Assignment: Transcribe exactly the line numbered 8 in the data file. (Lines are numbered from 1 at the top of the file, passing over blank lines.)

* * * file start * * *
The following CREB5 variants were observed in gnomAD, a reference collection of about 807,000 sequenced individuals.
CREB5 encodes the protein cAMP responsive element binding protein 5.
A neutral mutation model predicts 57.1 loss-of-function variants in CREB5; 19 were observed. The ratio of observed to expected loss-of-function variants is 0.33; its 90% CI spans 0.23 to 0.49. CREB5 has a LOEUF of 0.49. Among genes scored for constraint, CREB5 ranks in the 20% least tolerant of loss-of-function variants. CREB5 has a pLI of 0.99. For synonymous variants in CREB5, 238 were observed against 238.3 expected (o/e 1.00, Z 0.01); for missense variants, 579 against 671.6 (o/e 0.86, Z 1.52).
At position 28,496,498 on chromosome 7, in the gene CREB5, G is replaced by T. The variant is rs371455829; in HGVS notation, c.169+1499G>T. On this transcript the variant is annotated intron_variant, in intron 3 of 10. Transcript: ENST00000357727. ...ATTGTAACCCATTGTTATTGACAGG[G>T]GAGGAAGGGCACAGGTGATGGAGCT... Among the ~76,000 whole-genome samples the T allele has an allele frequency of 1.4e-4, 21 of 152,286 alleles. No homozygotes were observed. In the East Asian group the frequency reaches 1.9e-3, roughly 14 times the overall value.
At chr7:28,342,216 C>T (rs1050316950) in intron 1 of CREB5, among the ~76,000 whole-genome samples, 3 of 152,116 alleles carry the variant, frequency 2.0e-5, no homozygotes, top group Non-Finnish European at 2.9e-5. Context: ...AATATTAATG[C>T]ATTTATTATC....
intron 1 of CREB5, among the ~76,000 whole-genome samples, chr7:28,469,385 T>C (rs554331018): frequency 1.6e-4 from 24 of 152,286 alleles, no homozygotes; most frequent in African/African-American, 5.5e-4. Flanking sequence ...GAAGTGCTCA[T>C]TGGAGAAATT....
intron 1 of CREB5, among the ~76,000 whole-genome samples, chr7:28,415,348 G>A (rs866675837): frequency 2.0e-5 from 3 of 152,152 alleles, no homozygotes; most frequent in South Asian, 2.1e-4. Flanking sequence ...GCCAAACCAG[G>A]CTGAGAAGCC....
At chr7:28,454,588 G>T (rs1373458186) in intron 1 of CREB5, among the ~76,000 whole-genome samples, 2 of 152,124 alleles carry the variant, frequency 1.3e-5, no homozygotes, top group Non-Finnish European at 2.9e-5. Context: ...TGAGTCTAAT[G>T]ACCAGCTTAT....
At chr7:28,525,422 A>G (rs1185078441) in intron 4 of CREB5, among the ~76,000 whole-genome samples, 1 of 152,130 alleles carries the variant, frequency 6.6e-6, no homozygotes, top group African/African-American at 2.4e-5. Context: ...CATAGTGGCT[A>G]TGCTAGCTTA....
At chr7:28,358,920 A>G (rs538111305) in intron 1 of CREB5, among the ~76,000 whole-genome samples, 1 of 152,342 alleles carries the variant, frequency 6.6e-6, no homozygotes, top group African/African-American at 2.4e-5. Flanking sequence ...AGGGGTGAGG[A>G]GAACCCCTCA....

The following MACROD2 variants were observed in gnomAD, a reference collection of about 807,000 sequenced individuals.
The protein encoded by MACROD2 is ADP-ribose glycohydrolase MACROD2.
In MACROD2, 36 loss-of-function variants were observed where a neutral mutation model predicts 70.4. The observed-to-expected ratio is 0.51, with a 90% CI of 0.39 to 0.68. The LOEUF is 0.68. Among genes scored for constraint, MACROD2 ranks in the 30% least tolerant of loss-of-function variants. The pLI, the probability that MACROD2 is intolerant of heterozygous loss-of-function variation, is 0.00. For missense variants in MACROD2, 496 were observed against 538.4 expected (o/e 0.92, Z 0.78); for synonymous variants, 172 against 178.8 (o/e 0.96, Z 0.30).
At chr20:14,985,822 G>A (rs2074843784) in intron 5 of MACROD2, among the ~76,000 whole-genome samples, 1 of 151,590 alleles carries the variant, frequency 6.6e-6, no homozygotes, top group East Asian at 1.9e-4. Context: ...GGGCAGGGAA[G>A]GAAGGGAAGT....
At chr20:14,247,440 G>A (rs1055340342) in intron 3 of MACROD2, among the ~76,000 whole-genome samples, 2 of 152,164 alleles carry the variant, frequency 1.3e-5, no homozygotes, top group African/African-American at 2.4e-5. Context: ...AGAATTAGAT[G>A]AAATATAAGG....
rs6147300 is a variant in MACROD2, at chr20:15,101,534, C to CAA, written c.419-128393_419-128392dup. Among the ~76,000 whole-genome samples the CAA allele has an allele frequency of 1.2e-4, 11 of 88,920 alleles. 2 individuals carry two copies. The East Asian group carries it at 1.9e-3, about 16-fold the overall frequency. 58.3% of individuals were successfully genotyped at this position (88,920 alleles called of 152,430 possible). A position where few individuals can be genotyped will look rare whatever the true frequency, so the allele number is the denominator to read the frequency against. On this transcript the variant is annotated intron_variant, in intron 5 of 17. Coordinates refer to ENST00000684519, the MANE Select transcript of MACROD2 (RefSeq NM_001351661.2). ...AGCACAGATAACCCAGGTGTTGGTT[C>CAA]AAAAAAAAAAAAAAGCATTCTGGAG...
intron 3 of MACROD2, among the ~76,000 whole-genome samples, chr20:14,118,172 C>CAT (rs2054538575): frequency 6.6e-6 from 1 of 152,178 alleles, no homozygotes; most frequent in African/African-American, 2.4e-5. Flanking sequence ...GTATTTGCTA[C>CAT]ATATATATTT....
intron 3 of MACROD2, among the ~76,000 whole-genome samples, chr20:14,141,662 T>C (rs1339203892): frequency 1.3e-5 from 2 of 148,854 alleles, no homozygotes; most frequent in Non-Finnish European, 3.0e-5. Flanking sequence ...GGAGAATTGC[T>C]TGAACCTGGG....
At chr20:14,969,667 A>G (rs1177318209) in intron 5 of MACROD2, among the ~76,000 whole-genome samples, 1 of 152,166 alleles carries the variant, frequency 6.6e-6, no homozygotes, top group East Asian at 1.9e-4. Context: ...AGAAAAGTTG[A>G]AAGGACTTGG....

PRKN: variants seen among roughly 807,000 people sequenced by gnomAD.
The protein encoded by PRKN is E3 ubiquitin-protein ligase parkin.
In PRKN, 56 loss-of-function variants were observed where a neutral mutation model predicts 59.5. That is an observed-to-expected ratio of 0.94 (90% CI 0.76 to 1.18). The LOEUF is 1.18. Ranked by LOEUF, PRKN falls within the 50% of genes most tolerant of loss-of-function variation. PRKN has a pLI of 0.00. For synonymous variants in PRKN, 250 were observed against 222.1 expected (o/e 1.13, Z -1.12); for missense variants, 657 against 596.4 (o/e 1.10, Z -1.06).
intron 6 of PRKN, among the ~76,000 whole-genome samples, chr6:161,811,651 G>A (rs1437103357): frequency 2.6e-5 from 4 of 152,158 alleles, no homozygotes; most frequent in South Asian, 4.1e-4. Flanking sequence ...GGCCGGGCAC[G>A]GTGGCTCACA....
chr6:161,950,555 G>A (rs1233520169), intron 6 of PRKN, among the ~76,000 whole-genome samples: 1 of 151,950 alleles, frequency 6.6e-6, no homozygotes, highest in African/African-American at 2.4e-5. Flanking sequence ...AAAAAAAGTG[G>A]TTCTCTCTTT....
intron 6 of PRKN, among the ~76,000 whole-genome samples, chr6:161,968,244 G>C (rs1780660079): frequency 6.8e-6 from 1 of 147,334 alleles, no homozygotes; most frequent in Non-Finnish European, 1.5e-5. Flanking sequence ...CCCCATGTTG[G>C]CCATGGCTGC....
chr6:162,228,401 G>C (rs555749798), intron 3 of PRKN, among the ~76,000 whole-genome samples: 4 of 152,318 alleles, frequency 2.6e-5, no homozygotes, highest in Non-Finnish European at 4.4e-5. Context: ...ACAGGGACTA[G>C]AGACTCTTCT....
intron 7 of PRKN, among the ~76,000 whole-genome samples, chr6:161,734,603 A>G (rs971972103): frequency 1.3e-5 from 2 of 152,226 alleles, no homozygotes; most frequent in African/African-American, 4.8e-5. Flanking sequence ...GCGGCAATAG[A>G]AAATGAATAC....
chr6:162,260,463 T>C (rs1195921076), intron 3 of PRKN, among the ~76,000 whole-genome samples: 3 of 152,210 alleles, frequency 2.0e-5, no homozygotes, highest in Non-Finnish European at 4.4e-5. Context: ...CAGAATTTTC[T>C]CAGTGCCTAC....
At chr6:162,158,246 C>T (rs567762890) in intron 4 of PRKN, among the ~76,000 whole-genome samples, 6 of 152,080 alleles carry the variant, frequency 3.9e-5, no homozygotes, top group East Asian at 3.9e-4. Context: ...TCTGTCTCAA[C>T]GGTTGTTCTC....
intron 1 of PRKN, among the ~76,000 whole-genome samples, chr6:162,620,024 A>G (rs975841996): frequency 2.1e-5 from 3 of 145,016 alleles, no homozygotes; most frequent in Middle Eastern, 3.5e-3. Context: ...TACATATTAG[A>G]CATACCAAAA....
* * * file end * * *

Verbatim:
At chr7:28,454,588 G>T (rs1373458186) in intron 1 of CREB5, among the ~76,000 whole-genome samples, 2 of 152,124 alleles carry the variant, frequency 1.3e-5, no homozygotes, top group Non-Finnish European at 2.9e-5. Context: ...TGAGTCTAAT[G>T]ACCAGCTTAT....